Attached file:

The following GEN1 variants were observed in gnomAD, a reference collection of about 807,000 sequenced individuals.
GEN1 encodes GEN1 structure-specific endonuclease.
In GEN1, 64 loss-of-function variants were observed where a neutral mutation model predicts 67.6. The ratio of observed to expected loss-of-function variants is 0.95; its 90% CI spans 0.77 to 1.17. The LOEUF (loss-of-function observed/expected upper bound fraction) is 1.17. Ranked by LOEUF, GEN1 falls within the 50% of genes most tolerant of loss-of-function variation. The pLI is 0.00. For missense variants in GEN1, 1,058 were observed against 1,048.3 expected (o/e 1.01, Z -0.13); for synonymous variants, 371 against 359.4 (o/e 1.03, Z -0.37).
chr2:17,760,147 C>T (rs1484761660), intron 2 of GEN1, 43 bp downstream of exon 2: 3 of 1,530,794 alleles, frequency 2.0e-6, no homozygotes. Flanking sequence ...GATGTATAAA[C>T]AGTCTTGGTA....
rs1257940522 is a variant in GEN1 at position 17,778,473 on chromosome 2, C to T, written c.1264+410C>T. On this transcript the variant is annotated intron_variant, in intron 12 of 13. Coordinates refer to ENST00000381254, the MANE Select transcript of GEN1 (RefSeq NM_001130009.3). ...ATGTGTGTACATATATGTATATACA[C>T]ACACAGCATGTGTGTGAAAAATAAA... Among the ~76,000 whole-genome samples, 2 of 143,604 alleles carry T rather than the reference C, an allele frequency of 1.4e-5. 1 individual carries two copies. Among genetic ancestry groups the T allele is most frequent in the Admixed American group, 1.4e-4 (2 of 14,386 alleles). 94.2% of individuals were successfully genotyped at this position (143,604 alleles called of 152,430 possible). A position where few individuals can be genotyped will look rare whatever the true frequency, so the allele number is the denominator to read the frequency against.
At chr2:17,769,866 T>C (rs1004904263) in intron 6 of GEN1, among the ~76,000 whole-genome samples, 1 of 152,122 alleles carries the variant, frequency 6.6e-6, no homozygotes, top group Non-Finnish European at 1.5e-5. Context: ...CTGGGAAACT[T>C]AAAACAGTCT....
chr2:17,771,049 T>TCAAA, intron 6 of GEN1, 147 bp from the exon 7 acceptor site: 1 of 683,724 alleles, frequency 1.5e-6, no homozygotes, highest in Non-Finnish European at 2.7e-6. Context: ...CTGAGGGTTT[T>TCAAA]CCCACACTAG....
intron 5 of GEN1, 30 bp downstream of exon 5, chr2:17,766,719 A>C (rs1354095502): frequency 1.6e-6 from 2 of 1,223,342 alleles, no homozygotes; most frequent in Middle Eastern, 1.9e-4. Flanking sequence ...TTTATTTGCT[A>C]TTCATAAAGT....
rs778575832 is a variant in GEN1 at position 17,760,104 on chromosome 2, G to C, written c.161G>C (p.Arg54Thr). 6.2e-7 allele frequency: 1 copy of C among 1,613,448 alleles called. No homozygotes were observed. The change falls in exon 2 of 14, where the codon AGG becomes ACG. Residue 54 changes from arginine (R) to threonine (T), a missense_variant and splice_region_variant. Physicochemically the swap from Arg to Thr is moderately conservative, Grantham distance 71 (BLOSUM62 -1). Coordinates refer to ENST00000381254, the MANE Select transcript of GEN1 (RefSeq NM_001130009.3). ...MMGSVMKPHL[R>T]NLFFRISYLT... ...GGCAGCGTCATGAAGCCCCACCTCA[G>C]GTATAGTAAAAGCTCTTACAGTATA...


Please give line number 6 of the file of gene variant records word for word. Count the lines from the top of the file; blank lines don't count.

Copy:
At chr2:17,769,866 T>C (rs1004904263) in intron 6 of GEN1, among the ~76,000 whole-genome samples, 1 of 152,122 alleles carries the variant, frequency 6.6e-6, no homozygotes, top group Non-Finnish European at 1.5e-5. Context: ...CTGGGAAACT[T>C]AAAACAGTCT....